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In some ways, this episode might show its age. We recorded it five years ago, with our friend Adam Waters who’s worked for TV, news organisations, social media organisations and various digital setups. We saw a piece he wrote about how authors can effectively use social media… which mentioned platforms and networks we’d never heard of. So we stuffed him in a sack and brought him to our microphone.
We begin with Toyah. Because: hair. Also because she’s singing about putting a call out into the universe, looking for people who can hear. That’s what we’re all doing, and that hasn’t changed. And while some of the networks and platforms Adam mentions might not now be so prominent, others are still viable and vibrant and it’s interesting to hear the different ways they operate. Some are better for text, some for pictures, some for building relationships with select and personalised groups, some are better just for ‘putting yourself out there’, broadcasting to the world. 2020’s versions might have different names, but the way people interact with them won’t have changed.
My co-host is independent bookseller Peter Snell. Stream from the widget below or go to our Mixcloud page and binge the whole lot.
PS If you’d like more concentrated writing advice, try my Nail Your Novel books. If you’re curious about my own creative writing, find novels here and my travel memoir here. If you’d like to support bricks-and-mortar bookstores (US only at present) use Bookshop.org. And if you’re curious about what’s going on at my own writing desk, find my latest newsletter here and subscribe to future updates here.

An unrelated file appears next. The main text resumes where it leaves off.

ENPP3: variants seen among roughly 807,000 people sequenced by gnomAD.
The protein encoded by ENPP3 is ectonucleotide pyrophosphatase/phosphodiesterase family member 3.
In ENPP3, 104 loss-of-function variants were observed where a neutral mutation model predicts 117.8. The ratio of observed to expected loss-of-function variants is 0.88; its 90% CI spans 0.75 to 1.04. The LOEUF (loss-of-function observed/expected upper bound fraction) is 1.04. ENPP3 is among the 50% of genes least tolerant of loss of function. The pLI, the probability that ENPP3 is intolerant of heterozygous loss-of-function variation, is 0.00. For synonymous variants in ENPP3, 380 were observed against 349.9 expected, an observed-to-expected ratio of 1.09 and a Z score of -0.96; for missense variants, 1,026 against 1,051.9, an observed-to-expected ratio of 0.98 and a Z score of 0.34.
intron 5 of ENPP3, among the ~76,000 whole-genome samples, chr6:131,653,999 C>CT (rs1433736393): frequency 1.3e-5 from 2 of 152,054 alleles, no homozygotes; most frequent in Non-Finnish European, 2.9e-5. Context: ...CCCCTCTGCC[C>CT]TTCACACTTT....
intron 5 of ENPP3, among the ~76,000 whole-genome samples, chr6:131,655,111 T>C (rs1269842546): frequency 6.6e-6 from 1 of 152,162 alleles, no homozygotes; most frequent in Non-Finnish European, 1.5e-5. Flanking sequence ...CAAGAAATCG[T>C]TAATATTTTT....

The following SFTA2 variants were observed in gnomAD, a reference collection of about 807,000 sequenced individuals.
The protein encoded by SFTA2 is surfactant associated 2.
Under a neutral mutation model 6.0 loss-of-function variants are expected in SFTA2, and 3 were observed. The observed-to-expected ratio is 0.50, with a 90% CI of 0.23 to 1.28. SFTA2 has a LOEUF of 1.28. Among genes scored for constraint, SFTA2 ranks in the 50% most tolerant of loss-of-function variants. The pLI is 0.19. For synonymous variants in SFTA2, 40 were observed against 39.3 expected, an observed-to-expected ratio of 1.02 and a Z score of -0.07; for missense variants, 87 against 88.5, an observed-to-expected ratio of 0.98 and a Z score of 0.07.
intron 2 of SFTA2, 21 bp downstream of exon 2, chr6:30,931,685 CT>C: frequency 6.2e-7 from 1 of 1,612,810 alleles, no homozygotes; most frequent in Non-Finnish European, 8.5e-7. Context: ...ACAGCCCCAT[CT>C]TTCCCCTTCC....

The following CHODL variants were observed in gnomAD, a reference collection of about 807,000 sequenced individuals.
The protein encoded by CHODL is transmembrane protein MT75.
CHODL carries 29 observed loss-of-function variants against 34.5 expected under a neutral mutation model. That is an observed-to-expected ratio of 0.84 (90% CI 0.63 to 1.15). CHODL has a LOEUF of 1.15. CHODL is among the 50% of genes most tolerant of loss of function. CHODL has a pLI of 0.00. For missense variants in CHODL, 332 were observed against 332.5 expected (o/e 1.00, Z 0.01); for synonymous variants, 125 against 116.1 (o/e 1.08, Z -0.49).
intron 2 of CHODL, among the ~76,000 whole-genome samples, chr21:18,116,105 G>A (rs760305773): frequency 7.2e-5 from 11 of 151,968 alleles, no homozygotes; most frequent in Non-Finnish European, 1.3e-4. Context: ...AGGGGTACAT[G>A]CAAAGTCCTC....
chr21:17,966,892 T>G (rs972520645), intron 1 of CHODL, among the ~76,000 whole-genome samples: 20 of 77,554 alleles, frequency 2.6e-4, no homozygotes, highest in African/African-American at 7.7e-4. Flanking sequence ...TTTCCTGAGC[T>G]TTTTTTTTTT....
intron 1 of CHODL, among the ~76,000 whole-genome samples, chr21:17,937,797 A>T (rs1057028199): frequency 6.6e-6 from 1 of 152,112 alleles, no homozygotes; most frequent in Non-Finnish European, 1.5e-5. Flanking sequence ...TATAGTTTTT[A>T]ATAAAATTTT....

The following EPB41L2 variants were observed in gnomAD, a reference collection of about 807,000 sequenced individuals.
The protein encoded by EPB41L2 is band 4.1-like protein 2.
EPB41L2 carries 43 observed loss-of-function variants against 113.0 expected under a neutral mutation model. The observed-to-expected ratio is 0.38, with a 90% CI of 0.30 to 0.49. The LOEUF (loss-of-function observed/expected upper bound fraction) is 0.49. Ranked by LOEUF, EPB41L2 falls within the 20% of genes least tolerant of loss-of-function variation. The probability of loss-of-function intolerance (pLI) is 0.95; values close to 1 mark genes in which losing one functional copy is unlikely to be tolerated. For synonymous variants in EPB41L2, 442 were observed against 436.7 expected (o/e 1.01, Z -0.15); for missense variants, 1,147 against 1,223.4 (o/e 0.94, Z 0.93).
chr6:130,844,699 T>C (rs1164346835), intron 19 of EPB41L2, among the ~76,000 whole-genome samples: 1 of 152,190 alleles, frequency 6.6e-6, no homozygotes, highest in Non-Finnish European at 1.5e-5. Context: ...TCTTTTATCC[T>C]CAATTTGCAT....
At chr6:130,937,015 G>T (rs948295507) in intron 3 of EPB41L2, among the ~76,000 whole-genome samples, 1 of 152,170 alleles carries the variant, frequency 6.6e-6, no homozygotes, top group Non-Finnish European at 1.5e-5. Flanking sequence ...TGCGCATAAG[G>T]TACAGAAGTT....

How can authors use blogging and social media effectively? How should they get started? How much time does it take to build an audience? Will you like it?!
That’s what we’re talking about this episode.
A caveat! These shows are a few years old now. We recorded this episode in 2015. Some of the platforms might not be so fashionable or useful for authors now. On the other hand, Facebook and Twitter are still going strong and are still the main places I meet readers and writers I want to know better. And blogs? We must have been through several periods where everyone declared blogging was dead – but you are here and I am here and this is a blog and none of it is dead at all.
Moreover, social media have been the entire mechanism by which I built a career as a writer under my own name, without a publisher (in case you don’t know, I have a big secret career writing books under other names). The finer points might have changed – and might well change again. But the methods and principles will still be the same. So I’m hoping this show will still be a useful primer.
Asking the questions is independent bookseller Peter Snell. Answering them is me!
Stream from the widget below or go to our Mixcloud page and binge the whole lot.
PS If you’d like more concentrated writing advice, try my Nail Your Novel books. If you’re curious about my own creative writing, find novels here and my travel memoir here. And if you’re curious about what’s going on at my own writing desk, find my latest newsletter here and subscribe to future updates here.